Tap dancer Alex Dugale joined us for the first time last year. Alex is originally from Seattle and is currently finishing his music degree in saxophone performance at the Eastman School of Music. Alex’s tap techinque, impeccable time and imagination are fantastic to behold. He plays jazz with his feet!

The 12 voice Sacred Music Gospel Choir is comprised of some top level professional singers and they are also great nice to work with. The first year we had the wonderful Phoenix Choir but their busy schedule did not allow them to continue for a second year. However, a few members of that choir, along with other interested and skillful singers, wanted to continue to be a part of the performance. The choir which is managed by Mike Angell and Rob Hollins is: Corlynn Hanney, Crystal Hicks, Erin Hollins, Gregory Ferrugia, Matthew Smith, Miles Ramsay, Mike Angell, Patti Fletcher, Phil Jenion, Rob Hollins, Sara Ramsay, Siri Olesen.

This year we are being joined by the gospel group The Sojourners. The Sojouners are Marcus Mosely, Will Sanders and Khari McClelland. For more on the group  click here

Finally, the orchestra, or rather big band, is made up of some of my favourite Vancouver musicians. Their passion for making music and their individual and collective skill sets are truly world class. I always feel I have the best seat in the house when I stand in front of them.

Orchestra Personnel:

Conductor/Director: Fred Stride
Saxophones: Jens Christiansen, Aaron Hardie, Bill Runge, Mike Braverman, Chad Makela
Trumpets: Derry Byrne, Kent Wallace, Tom Shorthouse, Chris Davis
Trombones: Dennis Esson, Rod Murray, Jeremy Berkman
Piano: Ross Taggart
Bass: Andre Lachance
Drums: Bernie Arai

Our host, as for the past 2 years, is CBC’s Rick Cluff. Rick, like everyone else connected with this production, is also great to work with. He is warm and knowledgeable and a genuine fan of both the music and performers. Since this concert does not take place in a formal concert hall, but in a large church, Dee and I felt that the experience needed a little “help.” Amplification, or microphones are used only on the solo singers, choir and instrumental soloists, while the band is heard acoustically. Staging is also brought in to elevate the performers above floor level, giving us a stage. Finally, the concert is filmed and shown on a giant screen behind the performers, greatly adding the concert experience.

I hope you can join us for this great evening of music and dance and The Sacred Music of Duke Ellington.

For more on First United Church and their great work click here

Purchase tickets through www.eventbrite.com click here

Event: Sacred Music of Duke Ellington

Date: Friday, November 18, 2011 at 8:00 PM (doors open at 7:00)

Location: St. Andrew’s-Wesley United Church 1012 Nelson Street (Corner of Burrard & Nelson) Vancouver, British Columbia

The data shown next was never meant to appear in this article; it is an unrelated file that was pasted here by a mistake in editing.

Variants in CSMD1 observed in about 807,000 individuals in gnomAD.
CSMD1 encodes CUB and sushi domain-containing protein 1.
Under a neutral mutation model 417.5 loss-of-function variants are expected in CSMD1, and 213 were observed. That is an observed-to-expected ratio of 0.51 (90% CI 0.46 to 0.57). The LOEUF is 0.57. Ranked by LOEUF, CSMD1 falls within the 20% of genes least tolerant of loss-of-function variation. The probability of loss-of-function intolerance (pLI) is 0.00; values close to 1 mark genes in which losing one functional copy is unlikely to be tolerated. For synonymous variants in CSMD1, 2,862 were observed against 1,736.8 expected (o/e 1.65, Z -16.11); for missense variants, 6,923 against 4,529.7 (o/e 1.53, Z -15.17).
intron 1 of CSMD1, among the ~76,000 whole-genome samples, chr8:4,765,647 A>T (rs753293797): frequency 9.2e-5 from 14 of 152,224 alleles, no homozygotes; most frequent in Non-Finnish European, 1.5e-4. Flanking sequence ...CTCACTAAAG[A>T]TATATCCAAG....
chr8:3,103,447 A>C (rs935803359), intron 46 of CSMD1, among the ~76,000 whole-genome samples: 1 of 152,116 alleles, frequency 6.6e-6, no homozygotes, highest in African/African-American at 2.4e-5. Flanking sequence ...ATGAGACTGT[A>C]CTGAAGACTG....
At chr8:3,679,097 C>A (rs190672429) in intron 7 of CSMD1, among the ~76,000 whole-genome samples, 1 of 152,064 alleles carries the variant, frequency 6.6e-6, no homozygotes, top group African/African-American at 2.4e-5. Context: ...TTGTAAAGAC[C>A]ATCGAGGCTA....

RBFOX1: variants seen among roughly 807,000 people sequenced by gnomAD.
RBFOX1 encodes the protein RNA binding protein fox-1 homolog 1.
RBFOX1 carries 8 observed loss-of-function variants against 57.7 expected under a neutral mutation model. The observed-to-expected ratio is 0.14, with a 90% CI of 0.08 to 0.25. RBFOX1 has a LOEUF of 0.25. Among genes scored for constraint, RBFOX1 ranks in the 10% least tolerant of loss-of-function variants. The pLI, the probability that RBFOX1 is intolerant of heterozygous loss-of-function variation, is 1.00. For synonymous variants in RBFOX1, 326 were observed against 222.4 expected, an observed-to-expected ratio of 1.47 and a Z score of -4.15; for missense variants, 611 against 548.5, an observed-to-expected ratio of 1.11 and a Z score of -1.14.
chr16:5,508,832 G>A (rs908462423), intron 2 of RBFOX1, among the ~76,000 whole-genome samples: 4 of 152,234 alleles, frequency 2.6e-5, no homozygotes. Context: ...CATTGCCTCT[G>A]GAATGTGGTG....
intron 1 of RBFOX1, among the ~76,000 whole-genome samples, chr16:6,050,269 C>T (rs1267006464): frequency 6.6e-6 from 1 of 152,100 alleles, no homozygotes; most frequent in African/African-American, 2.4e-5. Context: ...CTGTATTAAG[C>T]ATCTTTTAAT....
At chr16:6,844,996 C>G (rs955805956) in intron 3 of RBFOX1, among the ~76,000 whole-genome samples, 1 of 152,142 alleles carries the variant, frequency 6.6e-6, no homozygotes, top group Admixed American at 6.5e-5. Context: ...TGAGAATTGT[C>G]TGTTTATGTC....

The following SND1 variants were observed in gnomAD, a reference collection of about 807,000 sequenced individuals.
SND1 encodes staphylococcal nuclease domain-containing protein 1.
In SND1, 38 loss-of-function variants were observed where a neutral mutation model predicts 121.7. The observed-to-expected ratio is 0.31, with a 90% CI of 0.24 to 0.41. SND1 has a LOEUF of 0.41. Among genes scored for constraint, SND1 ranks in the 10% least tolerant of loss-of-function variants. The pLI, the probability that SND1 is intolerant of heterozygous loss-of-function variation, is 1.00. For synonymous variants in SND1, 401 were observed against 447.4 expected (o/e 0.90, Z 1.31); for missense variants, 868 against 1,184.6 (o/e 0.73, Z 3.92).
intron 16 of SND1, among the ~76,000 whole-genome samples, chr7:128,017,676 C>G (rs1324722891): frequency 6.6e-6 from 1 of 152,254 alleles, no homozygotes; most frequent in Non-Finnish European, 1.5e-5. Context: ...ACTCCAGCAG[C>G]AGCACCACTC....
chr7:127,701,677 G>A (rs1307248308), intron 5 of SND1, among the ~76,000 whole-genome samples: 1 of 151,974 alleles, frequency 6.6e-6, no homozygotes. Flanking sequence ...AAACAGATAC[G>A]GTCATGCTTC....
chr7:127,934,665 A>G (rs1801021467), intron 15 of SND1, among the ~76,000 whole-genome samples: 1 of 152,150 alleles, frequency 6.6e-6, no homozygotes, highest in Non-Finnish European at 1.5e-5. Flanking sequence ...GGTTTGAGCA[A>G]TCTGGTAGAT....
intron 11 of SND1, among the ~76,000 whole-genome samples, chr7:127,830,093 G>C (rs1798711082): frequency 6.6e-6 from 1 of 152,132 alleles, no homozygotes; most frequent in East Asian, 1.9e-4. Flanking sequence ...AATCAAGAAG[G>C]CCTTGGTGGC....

The Sacred Music of Duke Ellington concert is a fundraising event for the work of First United Church, a place of refuge for people who are homeless on Vancouver’s Downtown Eastside. For more information, please visit www.firstunited.ca.

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My March 2011 visit to Toronto, Kingston and Montreal - Part 2

March 3, 2011 - Day 2 - Kingston

Greg Runions picked me up at my hotel in the morning to begin what was to be visits to several schools in the area. First up was an adult concert band at La Salle Secondary School. This concert band, directed by Chris Alfano, is part of a music program for adults. We read through a little concert band piece of mine, Festival Celebration. This piece was commissioned about ten years ago by Magee Secondary School in Vancouver for their annual elementary feeder band concert. I talked a little bit about the piece and the types of things I had in mind for a performance. The band also played through another piece they were working on. It is a lot of fun working with older students and the band sounded good. What a great program.

Reading through Festival Celebration

Reading through Festival Celebration

In the afternoon I visited with the Loyalist Collegiate and Vocational Institute Jazz Band. After telling them who I am, and what it is I do, I had the band play through Mike Kamuf’s nice arrangement of Watermelon Man, something they had been working on. I then worked on various performance issues in the arrangement. There are some very talented kids in that program.

I ended my first full day in Kingston working with the big band at Queen’s University, directed by my host Greg Runions. The band had been working on my piece Something For Ernie (Sierra Music Publications).  As with the earlier visits in the day, I told them a little about myself, then I worked on various things in the piece and my thoughts about how to play various sections and why I wrote them in the manner I did. This is a very fine band, full of wonderful musicians.

Working with the Queens University Big Band

Working with the Queens University Big Band

March 4, 2011 - Day 3

Friday began very early with a visit to Napanee Secondary School, which is about 20 minutes from Kingston. This was a small jazz ensemble with drums, bass, 3 trumpets, 1 trombone and 2 saxophones. In addition to the performers there was a large number of students observing. The students had been working on Mercy, Mercy, Mercy so I asked them to play it for me. Once again, after a short introduction on who I am and what I do, I worked with the students on the music. In this case rather than dealing with the written music, this session was more about improvising, in the broadest terms possible. To get to the point quickly, and without killing them with some music theory, we looped the first 2 measures. I first introduced the concept you could play a rhythmic solo using a single note, Bb in this case. I then started to add notes from the Bb blues scale and playing short 4 bar solos I slowly added a few more notes. I ended the session by having the students communicate with one another through their soloing - politely and even arguing. It was a lot of fun. I must add that the excellent bass player and drummer were very patient with this horn oriented session.